The first phase of The Tide, London’s version of the High Line, officially opened to the public on Friday. Designed by Diller Scofidio + Renfro (DS+R) in collaboration with London-based firm Neiheiser Argyros, the inaugural section of the linear park marks one-fifth of the overall three-mile-long landscape coming to the banks of the River Thames.
As an outdoor cultural destination set in the city’s burgeoning creative district, Greenwich Peninsula, The Tide features what Kerri Sibson, director of the local development office, calls a “bold 3D landscape” that’s perfect for enjoying nature and absorbing art. “The Tide brings to London an unrivaled outdoor experience in the city,” Sibson said in a statement. “Most importantly, it’s a place for everyone.”
When fully finished, the elevated and at-grade park will weave through and connect the seven different neighborhoods being constructed as part of the 150-acre Greenwich Peninsula district. This new urban enclave will boast architecture by Santiago Calatrava, C.F. Moeller, SOM, and SelgasCano, among others, and is currently being marketed as London’s emerging art and design community. The Tide is just one element that’s slated to attract future residents to the Peninsula over the next two decades as it is built. The mega-plan includes adding 15,000 new homes, nearly 4,000 affordable housing units, 13,000 new jobs, two new schools, and 48 acres of public green space to the formerly industrial zone—a move prompted by the area’s recent regeneration sparked by enhanced transit connections to downtown London.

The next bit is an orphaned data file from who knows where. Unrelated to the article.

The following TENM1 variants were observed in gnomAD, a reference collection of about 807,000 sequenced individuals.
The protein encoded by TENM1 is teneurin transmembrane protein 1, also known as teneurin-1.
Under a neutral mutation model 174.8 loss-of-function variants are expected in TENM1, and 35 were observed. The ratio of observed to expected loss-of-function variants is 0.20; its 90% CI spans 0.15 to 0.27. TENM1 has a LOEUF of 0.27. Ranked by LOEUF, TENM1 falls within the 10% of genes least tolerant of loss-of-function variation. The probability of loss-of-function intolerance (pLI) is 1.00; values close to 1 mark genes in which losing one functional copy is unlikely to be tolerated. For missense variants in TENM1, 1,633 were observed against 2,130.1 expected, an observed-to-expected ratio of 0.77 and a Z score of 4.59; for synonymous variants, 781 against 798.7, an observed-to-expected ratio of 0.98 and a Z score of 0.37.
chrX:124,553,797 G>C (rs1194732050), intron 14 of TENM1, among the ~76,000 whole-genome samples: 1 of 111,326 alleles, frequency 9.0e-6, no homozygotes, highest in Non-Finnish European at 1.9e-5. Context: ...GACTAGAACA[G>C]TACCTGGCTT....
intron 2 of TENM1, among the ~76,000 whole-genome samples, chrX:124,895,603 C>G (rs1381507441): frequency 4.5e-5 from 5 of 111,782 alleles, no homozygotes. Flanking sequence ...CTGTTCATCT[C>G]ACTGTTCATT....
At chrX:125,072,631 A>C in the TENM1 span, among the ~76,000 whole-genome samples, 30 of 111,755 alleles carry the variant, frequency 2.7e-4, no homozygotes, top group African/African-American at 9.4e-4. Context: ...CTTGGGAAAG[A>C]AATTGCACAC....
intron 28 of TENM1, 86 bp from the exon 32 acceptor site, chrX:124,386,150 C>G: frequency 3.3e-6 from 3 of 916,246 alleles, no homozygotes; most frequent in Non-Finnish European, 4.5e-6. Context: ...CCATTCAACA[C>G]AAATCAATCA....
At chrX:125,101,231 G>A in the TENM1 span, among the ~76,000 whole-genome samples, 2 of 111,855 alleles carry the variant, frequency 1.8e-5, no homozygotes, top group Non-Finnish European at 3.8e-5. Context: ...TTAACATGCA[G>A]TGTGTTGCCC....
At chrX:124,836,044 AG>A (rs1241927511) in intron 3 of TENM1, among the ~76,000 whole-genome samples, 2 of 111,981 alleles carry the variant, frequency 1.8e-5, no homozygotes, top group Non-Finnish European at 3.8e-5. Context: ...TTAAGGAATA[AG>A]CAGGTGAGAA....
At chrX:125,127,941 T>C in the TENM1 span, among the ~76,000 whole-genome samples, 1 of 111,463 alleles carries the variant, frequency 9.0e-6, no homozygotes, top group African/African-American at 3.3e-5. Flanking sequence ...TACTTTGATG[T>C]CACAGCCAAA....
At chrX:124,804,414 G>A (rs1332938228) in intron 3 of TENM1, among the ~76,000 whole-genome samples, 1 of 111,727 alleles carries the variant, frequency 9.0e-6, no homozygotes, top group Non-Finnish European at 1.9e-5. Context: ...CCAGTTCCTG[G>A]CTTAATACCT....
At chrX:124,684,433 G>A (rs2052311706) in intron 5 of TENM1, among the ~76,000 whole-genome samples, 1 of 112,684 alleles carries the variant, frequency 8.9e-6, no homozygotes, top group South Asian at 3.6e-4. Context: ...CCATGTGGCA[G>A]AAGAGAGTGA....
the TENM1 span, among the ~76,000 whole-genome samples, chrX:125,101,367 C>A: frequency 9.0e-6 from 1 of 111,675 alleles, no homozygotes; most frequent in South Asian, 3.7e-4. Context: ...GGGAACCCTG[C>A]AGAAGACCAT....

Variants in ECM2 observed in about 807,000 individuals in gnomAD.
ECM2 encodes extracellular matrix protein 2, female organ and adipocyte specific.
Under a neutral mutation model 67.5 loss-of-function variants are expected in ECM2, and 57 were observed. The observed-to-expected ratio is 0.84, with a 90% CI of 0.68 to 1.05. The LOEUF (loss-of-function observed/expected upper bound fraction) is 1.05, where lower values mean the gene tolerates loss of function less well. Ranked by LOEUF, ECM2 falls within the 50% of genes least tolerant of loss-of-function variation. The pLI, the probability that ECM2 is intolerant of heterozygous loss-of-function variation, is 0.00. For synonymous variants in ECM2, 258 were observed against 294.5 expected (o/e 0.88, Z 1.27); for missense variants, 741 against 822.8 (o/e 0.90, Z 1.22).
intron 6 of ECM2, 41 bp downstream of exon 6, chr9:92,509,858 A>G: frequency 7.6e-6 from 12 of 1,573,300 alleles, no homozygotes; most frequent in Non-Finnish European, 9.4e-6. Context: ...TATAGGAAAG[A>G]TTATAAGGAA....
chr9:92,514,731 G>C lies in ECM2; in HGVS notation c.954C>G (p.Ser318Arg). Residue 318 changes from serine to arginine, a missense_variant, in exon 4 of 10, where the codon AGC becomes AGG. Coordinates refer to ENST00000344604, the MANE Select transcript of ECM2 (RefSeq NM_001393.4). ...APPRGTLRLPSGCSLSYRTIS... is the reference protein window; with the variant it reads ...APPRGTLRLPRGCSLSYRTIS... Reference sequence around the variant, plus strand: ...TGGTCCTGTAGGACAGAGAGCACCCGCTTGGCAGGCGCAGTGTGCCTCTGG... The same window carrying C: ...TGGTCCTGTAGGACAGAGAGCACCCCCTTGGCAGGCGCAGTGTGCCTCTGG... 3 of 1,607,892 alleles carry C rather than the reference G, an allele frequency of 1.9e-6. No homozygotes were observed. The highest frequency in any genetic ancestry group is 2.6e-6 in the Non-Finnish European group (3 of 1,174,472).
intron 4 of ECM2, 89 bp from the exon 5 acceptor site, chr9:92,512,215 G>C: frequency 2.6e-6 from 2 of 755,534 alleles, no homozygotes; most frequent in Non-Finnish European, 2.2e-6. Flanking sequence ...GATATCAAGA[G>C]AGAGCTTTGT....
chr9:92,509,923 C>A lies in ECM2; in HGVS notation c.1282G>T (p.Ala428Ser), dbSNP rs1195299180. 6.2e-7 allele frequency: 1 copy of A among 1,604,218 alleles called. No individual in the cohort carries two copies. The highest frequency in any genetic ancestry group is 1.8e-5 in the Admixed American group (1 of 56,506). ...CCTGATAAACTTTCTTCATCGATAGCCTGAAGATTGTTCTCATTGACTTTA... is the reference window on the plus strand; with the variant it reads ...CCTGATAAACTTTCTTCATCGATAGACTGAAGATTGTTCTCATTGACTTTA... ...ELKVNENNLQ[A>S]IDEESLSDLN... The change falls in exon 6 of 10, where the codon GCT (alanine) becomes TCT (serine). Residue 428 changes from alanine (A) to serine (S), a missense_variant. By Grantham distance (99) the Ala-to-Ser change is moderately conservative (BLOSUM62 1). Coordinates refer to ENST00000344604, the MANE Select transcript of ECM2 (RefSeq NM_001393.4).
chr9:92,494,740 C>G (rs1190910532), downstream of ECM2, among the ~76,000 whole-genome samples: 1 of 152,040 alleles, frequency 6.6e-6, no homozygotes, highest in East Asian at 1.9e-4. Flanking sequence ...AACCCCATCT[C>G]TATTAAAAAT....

Though this level of development is substantially larger than what DS+R’s High Line has inspired in New York’s Chelsea, The Tide is actually a project that’s been envisioned ahead of future growth in the district, and of course, it’s being done from scratch. Unlike DS+R’s seminal urban park project, the British iteration will be built in tandem with the buildings that will rise above and around it, while still making nature, art, and city views the focal point of the landscape. And it won’t necessarily be a tourist destination either, according to the architects, who have envisioned it as a source of respite for locals with ample programming for meditation, running, and waking.
The first section of The Tide features curvaceous walkways that mirror the ebb and flow of the river, as well as terraces, and overlooks, all which are supported by 28 angular steel stems. Some parts of the park’s initial viewpoints feature support structures as tall as 29 feet high. The paths themselves also stand out with a striped pattern that doubles as a wayfinding tool, guiding visitors from one section to the next. Giant sculptures by Damien Hirst and Allen Jones already populate the introductory segment
The Tide’s above-ground routes act as canopies covering the plazas below, which DS+R used asphalt and granite Portuguese paving stones to surface. Edinburgh-based landscape studio GROSS.MAX designed a textured vision for the park’s many elevated and sunken gardens, of which phase one includes native birch and pine, waterside trees, seasonable bulbs, ornamental grasses, and sections of groundcover.
All of the open spaces above, below, and within the park, including the jetty garden and a picnic area that boasts an 88-foot-long communal table, were intended to invite incoming locals to experience the city from the waterfront and create community through it. These activation areas make up a network for recreation, culture, and wellness. Benjamin Gilmartin, partner-in-charge of the project at DS+R, said The Tide aims to “embed a new public realm into the daily rhythms of Greenwich Peninsula” as it grows.
“Diverse programming along the way will act as islands that welcome the surges of commuters, visitors, cyclists, and runners,” Gilmartin said in a statement, “while also providing intimate places for pause contemplation, conversation, and people watching.”